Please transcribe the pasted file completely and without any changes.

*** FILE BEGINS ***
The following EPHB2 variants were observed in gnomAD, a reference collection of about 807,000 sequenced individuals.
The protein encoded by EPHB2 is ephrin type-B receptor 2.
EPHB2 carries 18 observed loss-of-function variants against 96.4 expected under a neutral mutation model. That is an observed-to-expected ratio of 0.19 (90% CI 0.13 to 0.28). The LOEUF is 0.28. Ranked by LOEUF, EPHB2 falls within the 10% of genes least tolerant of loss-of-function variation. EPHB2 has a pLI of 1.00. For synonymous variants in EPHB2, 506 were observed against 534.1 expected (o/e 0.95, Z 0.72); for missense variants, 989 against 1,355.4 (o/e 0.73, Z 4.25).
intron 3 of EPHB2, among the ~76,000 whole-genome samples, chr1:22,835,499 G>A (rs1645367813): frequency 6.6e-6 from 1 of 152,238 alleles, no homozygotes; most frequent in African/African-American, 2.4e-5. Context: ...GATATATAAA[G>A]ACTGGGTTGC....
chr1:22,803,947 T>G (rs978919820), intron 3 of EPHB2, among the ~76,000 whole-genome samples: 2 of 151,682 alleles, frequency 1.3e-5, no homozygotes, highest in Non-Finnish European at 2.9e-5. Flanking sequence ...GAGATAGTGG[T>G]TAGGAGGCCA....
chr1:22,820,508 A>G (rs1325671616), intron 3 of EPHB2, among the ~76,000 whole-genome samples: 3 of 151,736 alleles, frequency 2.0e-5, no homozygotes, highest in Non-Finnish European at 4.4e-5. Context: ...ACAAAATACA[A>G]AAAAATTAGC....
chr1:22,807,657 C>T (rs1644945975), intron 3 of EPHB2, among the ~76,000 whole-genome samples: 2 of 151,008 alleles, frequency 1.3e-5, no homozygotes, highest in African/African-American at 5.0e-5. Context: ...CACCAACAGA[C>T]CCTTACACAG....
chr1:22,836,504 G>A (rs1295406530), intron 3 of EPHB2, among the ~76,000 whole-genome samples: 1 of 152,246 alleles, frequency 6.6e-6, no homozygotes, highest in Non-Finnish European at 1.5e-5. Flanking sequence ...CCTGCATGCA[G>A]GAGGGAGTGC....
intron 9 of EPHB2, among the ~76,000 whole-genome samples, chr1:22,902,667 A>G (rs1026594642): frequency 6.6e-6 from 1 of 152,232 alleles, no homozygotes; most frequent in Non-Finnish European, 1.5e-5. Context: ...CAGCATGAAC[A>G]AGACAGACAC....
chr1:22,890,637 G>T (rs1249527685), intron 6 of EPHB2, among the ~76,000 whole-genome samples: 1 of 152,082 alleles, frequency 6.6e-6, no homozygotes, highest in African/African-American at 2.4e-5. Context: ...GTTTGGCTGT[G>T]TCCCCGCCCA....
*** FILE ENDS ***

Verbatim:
The following EPHB2 variants were observed in gnomAD, a reference collection of about 807,000 sequenced individuals.
The protein encoded by EPHB2 is ephrin type-B receptor 2.
EPHB2 carries 18 observed loss-of-function variants against 96.4 expected under a neutral mutation model. That is an observed-to-expected ratio of 0.19 (90% CI 0.13 to 0.28). The LOEUF is 0.28. Ranked by LOEUF, EPHB2 falls within the 10% of genes least tolerant of loss-of-function variation. EPHB2 has a pLI of 1.00. For synonymous variants in EPHB2, 506 were observed against 534.1 expected (o/e 0.95, Z 0.72); for missense variants, 989 against 1,355.4 (o/e 0.73, Z 4.25).
intron 3 of EPHB2, among the ~76,000 whole-genome samples, chr1:22,835,499 G>A (rs1645367813): frequency 6.6e-6 from 1 of 152,238 alleles, no homozygotes; most frequent in African/African-American, 2.4e-5. Context: ...GATATATAAA[G>A]ACTGGGTTGC....
chr1:22,803,947 T>G (rs978919820), intron 3 of EPHB2, among the ~76,000 whole-genome samples: 2 of 151,682 alleles, frequency 1.3e-5, no homozygotes, highest in Non-Finnish European at 2.9e-5. Flanking sequence ...GAGATAGTGG[T>G]TAGGAGGCCA....
chr1:22,820,508 A>G (rs1325671616), intron 3 of EPHB2, among the ~76,000 whole-genome samples: 3 of 151,736 alleles, frequency 2.0e-5, no homozygotes, highest in Non-Finnish European at 4.4e-5. Context: ...ACAAAATACA[A>G]AAAAATTAGC....
chr1:22,807,657 C>T (rs1644945975), intron 3 of EPHB2, among the ~76,000 whole-genome samples: 2 of 151,008 alleles, frequency 1.3e-5, no homozygotes, highest in African/African-American at 5.0e-5. Context: ...CACCAACAGA[C>T]CCTTACACAG....
chr1:22,836,504 G>A (rs1295406530), intron 3 of EPHB2, among the ~76,000 whole-genome samples: 1 of 152,246 alleles, frequency 6.6e-6, no homozygotes, highest in Non-Finnish European at 1.5e-5. Flanking sequence ...CCTGCATGCA[G>A]GAGGGAGTGC....
intron 9 of EPHB2, among the ~76,000 whole-genome samples, chr1:22,902,667 A>G (rs1026594642): frequency 6.6e-6 from 1 of 152,232 alleles, no homozygotes; most frequent in Non-Finnish European, 1.5e-5. Context: ...CAGCATGAAC[A>G]AGACAGACAC....
chr1:22,890,637 G>T (rs1249527685), intron 6 of EPHB2, among the ~76,000 whole-genome samples: 1 of 152,082 alleles, frequency 6.6e-6, no homozygotes, highest in African/African-American at 2.4e-5. Context: ...GTTTGGCTGT[G>T]TCCCCGCCCA....